I didn’t see Black Flag until Feb. 20 1981 at Barrington Hall in Berkeley.  I had been ordering records for Systematic via mail and phone.  I met up with them the next day to show them Systematic on a day off.  Mostly I talked with Greg and Chuck but I think Spot and Mugger were with the band.  As they toured they went into shops and when they asked where they’d gotten their SST records the answer was always Systematic at that point so they knew we had something going on that helped them make touring pay.  I was impressed that Black Flag came with their own studio engineer-producer and live soundman.  We dealt with records and alot of the sound on records didn’t really work well with punk rock as by the 80s the scene tastemakers had it that rock and roll was dead and post-punk was something softer and studio-determined rather than played live and recorded that way.  I called SST in spring 1981 and got Spot on the phone but he was watching the Torrance cops ransacking the office looking for drugs so he wouldn’t answer my questions about ordering records; he’d just laugh nervously and say, “Uhhh… I don’t know!”  I don’t think I really met and talked with Spot until I came down to SST at Unicorn in West Hollywood.  I watched the finishing of the “Damaged” album and then I was more involved with Spot on the Meat Puppets first album.  Without Spot each gig and each record’s production would’ve been a crapshoot because in those years the technical people in the recording industry and live music venues were actively hostile to punk rock.  When we had legal problems with Unicorn and they dragged on and cost us time and money I worried Spot was bumming hard and was going to leave, which he did sometime in 1985.  He was tired of listening to Greg and Chuck by that point but he liked what Mugger and I were doing to make the label work.  I wish we’d had the capital to release and work every record he recorded.  Black Flag tours were how a new scene was organizing itself and many bands wanted to steal fire from them by using Spot in the studio.  It wasn’t until 1984 that our bands began to think about getting on the radio and Spot had no interest in that aspect of commercial record production.  I think Spot as a musician came into his own after he stopped recording bands other than his own.  I’d see him solo in Wyoming and his playful, jazzed, time-signature bending fusion of garage, beatnik, and Celtic folk was unlike anyone else’s.  I described his live guitar playing then as splitting atoms on the neck.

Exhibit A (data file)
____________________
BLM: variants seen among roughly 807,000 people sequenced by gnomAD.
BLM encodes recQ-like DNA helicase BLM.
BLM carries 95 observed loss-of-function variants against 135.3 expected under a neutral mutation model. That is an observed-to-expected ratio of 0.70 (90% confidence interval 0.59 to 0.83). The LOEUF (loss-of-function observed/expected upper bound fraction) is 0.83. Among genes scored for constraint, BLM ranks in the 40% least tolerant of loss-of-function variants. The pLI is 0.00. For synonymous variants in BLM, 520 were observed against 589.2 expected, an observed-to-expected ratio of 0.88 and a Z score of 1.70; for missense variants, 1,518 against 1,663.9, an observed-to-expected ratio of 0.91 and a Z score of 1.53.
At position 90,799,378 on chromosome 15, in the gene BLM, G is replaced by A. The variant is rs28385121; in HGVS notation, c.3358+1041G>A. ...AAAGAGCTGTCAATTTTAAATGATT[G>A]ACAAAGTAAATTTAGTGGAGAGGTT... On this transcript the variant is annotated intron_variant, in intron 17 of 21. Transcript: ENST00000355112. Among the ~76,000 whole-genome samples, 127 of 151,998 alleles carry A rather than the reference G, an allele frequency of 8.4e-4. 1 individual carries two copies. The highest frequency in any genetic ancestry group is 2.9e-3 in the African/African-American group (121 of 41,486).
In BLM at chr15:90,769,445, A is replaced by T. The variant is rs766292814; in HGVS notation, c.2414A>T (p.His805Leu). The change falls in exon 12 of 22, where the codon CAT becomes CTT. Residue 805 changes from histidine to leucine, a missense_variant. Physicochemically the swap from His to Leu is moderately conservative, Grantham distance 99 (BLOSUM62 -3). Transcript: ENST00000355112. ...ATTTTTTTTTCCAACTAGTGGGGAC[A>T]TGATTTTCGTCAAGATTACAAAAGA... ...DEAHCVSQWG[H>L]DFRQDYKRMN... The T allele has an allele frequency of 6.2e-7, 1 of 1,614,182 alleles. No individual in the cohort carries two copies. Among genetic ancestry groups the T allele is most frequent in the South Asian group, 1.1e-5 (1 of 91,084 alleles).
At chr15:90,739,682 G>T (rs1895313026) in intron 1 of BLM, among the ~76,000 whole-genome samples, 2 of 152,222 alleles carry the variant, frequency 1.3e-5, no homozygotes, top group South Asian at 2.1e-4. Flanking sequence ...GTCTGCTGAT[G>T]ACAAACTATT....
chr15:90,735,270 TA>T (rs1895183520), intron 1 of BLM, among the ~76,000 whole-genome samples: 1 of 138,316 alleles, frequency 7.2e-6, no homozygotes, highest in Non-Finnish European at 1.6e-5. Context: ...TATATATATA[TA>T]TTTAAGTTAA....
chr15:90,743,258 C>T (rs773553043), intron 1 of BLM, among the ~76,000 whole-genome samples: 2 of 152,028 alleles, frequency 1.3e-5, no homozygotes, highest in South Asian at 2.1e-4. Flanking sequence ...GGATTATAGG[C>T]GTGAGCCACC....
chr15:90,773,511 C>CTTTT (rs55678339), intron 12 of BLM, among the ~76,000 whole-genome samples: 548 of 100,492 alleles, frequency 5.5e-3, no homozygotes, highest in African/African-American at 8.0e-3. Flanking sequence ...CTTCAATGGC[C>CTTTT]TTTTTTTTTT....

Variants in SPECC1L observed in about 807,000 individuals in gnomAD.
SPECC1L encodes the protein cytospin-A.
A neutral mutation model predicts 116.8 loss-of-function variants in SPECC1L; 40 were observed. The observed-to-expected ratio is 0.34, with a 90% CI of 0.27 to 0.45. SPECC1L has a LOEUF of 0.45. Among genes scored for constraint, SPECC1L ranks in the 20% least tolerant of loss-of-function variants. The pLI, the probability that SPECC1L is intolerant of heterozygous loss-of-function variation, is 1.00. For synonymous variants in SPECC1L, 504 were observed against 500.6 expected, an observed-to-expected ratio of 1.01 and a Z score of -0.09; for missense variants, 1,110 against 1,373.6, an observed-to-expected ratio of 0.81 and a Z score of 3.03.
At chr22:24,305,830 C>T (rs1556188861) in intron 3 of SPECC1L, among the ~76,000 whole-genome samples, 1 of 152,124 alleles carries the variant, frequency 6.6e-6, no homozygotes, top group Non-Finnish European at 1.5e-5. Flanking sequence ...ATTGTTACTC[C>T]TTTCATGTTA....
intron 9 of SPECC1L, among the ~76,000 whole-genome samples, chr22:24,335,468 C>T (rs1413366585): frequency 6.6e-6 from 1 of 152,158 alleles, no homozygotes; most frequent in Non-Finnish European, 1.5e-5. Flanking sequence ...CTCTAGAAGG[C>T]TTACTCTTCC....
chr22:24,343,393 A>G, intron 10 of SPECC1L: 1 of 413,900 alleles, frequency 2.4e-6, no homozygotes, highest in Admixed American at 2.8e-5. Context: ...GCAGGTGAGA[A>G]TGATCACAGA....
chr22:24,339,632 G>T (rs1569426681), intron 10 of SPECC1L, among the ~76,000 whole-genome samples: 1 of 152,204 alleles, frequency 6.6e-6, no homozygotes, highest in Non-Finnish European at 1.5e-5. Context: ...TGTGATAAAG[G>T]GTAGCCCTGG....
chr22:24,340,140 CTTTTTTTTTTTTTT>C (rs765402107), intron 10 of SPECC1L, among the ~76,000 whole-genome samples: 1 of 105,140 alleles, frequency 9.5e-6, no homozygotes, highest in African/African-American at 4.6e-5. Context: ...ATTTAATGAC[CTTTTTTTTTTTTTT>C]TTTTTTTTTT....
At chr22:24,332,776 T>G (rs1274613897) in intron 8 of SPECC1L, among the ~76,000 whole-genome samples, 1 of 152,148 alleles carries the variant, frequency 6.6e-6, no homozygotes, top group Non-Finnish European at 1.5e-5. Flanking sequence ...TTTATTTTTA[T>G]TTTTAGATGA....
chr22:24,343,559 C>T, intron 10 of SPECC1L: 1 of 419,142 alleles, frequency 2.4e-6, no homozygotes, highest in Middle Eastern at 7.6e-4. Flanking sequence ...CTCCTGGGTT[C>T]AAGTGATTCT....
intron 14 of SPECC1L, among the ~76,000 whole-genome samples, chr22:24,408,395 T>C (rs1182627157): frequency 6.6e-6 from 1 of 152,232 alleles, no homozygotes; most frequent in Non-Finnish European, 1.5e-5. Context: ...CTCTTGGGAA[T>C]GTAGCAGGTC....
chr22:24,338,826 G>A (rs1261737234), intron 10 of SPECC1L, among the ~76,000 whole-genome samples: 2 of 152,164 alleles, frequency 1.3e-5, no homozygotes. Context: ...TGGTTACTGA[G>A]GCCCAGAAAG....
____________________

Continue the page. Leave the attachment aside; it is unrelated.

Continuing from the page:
5. Could you tell us about writing your book “Rock and the Pop Narcotic” that caused some controversy.
I started  to work on R&TPN as soon as I left SST in March 1986.  I first reviewed all of the rock press I’d collected in the nine years i’d been at Systematic and SST.  I moved up to L.A. for a few months and then to Chicago by September.  I bought a building in east Wicker Park and after ten months work on the building resumed working on the book.  I worked a bit at DePaul University library, North Central College library, and at Nichols Library in Naperville.  I also spent alot of time and money in the used record shops in Chicago.  People were dumping their vinyl for CDs and so you were able to buy eight or nine albums for twenty bucks.  I bought alot of beater copies of records by bands I’d never heard and then checked deeper into any that were any good.  I also got reminded of important bands to check into by friends like Byron Coley and Ray Farrell.  I had never written a book before so the first Redoubt Press edition that went to the printer in 1990 needed the revision I did for the 1995 2.13.61 Publications edition.  I’d say that any writer needs an editor but especially for a book on a specialized topic.  Hard to believe but rock music was a very specialized topic then, thanks to the malpractice demanded by the publishing industry, if not to any instrinsic incompetence of the writers themselves.  Now there are alot of collector and historical guides to different eras and genres. But I wrote the book trying to cover what was good whether it sold alot or not, and certainly contemporary rock and roll in the punk era 1975-1985 was prevented from selling by the lazy overhang of the hippie era.  Then there simply were no editors conversant with the topic.  Back then most all of garage bands, hard rock, surf rock, rockabilly, even arena rock had dropped out of rock histories and record reviewing.  For me it was like shooting fish in a barrell in that there was no way to avoid writing a must-read book.  And sure enough I sold the two thousand I printed up despite only sending off five promo copies.  Those were the days!